(Reuters) - New Jersey’s attorney general on Friday sued a California company, accusing it of conducting illegal “ghost gun” sales, in what he said was the first lawsuit by a U.S. state against a distributor of the firearms.
The civil lawsuit against U.S. Patriot Armory and its founder James Tromblee Jr was filed three days after Attorney General Gurbir Grewal announced the arrests of four men for conspiring to sell six homemade AR-15 assault rifles.
Such weapons are known as ghost guns because they cannot readily be traced.
Ghost guns include firearms assembled from kits or made with 3D printers, and are sold with parts to make them operational. Buyers do not need background checks, and the guns’ lack of serial numbers makes it harder for law enforcement officials to track them.
Apple Valley, California-based U.S. Patriot Armory did not immediately respond to requests for comment.
The four men were the first charged under a state law signed by New Jersey Democratic Governor Phil Murphy in November making it illegal to buy, manufacture, possess or sell ghost guns.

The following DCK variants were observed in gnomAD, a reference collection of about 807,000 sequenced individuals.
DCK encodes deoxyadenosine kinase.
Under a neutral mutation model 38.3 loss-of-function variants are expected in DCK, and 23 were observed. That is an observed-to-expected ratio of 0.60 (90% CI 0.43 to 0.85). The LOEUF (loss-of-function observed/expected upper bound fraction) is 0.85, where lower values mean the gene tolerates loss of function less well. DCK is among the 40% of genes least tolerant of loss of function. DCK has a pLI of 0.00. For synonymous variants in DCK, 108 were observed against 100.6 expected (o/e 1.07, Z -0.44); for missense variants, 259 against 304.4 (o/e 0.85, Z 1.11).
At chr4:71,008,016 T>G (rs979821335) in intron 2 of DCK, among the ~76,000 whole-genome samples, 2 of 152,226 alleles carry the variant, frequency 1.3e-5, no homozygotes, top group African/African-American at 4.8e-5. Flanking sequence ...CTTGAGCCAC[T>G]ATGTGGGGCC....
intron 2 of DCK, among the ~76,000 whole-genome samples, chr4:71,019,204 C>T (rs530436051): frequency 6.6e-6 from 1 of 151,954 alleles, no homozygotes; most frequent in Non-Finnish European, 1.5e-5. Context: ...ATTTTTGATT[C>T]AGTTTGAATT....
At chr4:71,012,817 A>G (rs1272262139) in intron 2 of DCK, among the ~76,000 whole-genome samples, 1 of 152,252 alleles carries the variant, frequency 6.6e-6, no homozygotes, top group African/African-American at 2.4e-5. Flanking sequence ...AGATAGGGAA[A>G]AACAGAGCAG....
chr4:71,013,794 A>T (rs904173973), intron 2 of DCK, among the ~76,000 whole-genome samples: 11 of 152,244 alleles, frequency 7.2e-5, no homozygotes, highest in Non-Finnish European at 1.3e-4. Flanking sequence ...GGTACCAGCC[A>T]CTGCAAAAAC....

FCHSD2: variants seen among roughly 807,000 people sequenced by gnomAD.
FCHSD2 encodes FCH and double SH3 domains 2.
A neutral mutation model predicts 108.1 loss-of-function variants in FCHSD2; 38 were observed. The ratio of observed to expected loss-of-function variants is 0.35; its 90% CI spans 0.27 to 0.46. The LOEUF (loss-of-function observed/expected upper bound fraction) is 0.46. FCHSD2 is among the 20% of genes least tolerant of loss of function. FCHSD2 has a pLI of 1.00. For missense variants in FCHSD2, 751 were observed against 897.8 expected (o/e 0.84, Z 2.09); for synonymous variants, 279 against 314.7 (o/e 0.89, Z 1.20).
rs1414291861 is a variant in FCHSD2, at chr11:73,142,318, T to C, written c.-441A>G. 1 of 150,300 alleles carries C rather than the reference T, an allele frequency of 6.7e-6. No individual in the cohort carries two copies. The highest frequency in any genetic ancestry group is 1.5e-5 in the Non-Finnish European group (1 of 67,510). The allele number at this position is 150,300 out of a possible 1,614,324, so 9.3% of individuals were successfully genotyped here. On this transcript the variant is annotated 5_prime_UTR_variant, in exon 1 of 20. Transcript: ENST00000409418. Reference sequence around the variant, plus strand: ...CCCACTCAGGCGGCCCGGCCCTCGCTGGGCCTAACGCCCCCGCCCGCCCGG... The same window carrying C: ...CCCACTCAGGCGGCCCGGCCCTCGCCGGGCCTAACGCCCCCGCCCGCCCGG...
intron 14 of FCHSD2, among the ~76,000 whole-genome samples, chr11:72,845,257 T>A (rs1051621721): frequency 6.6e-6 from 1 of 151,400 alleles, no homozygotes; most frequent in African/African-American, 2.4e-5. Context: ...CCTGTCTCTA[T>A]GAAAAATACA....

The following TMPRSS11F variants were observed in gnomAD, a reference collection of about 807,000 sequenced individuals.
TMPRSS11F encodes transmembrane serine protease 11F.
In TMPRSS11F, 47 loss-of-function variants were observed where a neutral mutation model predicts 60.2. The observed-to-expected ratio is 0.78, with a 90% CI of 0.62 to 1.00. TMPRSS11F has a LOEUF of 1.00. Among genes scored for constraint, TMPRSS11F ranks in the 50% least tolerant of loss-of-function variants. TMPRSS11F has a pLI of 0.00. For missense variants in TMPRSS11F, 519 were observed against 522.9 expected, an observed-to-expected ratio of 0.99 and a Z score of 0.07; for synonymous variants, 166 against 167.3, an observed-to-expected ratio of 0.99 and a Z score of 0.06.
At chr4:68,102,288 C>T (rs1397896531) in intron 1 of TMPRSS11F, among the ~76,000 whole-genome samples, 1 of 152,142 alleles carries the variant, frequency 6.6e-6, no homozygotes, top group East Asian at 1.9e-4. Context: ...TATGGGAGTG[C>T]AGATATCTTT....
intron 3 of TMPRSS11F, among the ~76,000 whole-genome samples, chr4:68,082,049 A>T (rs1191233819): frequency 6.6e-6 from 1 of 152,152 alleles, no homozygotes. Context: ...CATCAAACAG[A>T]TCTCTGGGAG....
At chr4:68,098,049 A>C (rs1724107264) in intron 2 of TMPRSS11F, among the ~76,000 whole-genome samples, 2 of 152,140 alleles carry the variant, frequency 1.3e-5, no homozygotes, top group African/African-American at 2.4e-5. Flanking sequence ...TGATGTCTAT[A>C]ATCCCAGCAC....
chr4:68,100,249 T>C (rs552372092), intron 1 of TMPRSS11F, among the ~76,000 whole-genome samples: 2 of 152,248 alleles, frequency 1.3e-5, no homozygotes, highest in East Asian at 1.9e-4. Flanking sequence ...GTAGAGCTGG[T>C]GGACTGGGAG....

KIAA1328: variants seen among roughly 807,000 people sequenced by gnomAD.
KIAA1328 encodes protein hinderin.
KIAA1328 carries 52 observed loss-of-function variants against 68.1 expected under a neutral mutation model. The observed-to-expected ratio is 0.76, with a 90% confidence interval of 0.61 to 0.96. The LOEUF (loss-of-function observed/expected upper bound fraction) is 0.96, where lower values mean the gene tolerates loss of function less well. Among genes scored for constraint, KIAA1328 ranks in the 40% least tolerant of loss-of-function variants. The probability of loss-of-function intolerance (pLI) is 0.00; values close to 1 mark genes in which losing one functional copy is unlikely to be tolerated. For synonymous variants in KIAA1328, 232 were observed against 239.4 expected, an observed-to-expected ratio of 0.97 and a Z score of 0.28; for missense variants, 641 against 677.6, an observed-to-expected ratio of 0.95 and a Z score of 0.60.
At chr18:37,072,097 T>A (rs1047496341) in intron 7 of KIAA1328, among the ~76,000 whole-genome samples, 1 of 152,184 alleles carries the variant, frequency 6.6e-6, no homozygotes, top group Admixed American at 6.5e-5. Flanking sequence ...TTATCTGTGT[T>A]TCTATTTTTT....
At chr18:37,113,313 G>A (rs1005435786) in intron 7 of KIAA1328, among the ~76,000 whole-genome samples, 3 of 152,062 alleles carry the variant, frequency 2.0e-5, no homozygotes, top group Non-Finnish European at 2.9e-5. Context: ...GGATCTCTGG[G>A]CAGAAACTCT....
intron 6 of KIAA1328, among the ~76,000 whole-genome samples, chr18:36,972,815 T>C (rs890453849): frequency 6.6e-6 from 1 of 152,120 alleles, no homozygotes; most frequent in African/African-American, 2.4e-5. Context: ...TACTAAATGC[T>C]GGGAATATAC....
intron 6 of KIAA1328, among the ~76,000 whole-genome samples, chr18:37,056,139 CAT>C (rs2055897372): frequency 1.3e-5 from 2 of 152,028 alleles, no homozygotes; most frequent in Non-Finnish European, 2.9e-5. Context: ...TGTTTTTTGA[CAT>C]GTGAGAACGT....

According to Friday’s complaint filed in Essex County superior court, U.S. Patriot Armory sold ghost guns, including kits and parts for AR-15 rifles, to New Jersey residents online without telling them the firearms were illegal.
The complaint also said the company even stated on its website: “Is it legal? YES!”
New Jersey is seeking a halt to further ghost gun sales in the state by U.S. Patriot Armory, a website disclaimer that such sales are illegal, and civil fines.
Grewal, also a Democrat, said he filed the lawsuit after U.S. Patriot Armory shipped an assault firearms kit to an undercover state investigator, who paid for it with a credit card online for $583.98.
The guns can fetch higher prices on the black market.
New Jersey is the second U.S. state with a law against ghost guns, after California. But the New Jersey law is more comprehensive, according to the Giffords Law Center to Prevent Gun Violence. (here)
Grewal said 15 ghost gun companies have already agreed not to sell the firearms in New Jersey, after he began sending letters last June demanding that they stop.
He urged the U.S. Congress and other states to adopt similarly tough laws, noting that criminals and gangs can buy ghost guns in other states and traffic them into New Jersey.
Reporting by Jonathan Stempel in New York; Editing by Nick Carey